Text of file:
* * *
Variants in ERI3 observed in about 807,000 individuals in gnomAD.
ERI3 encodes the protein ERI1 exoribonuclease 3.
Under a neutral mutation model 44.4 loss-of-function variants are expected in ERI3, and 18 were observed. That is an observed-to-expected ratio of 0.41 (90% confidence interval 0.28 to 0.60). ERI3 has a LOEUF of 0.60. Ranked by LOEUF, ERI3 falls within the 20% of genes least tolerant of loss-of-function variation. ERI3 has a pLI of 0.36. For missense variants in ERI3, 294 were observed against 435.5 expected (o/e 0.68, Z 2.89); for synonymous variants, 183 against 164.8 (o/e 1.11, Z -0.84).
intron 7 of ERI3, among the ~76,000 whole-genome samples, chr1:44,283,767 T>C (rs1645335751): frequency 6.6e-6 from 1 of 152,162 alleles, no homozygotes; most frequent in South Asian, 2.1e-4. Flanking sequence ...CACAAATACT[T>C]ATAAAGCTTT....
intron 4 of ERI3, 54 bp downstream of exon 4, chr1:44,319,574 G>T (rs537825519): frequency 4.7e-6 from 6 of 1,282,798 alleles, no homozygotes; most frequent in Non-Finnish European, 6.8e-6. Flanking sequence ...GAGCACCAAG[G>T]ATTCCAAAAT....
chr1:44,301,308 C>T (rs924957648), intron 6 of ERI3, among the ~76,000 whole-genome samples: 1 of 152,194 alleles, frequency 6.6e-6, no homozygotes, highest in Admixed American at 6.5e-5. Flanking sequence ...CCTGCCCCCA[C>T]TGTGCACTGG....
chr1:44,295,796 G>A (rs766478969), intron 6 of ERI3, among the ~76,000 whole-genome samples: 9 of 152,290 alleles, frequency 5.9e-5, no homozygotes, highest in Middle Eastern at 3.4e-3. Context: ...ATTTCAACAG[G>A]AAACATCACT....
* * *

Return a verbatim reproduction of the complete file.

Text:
Variants in ERI3 observed in about 807,000 individuals in gnomAD.
ERI3 encodes the protein ERI1 exoribonuclease 3.
Under a neutral mutation model 44.4 loss-of-function variants are expected in ERI3, and 18 were observed. That is an observed-to-expected ratio of 0.41 (90% confidence interval 0.28 to 0.60). ERI3 has a LOEUF of 0.60. Ranked by LOEUF, ERI3 falls within the 20% of genes least tolerant of loss-of-function variation. ERI3 has a pLI of 0.36. For missense variants in ERI3, 294 were observed against 435.5 expected (o/e 0.68, Z 2.89); for synonymous variants, 183 against 164.8 (o/e 1.11, Z -0.84).
intron 7 of ERI3, among the ~76,000 whole-genome samples, chr1:44,283,767 T>C (rs1645335751): frequency 6.6e-6 from 1 of 152,162 alleles, no homozygotes; most frequent in South Asian, 2.1e-4. Flanking sequence ...CACAAATACT[T>C]ATAAAGCTTT....
intron 4 of ERI3, 54 bp downstream of exon 4, chr1:44,319,574 G>T (rs537825519): frequency 4.7e-6 from 6 of 1,282,798 alleles, no homozygotes; most frequent in Non-Finnish European, 6.8e-6. Flanking sequence ...GAGCACCAAG[G>T]ATTCCAAAAT....
chr1:44,301,308 C>T (rs924957648), intron 6 of ERI3, among the ~76,000 whole-genome samples: 1 of 152,194 alleles, frequency 6.6e-6, no homozygotes, highest in Admixed American at 6.5e-5. Flanking sequence ...CCTGCCCCCA[C>T]TGTGCACTGG....
chr1:44,295,796 G>A (rs766478969), intron 6 of ERI3, among the ~76,000 whole-genome samples: 9 of 152,290 alleles, frequency 5.9e-5, no homozygotes, highest in Middle Eastern at 3.4e-3. Context: ...ATTTCAACAG[G>A]AAACATCACT....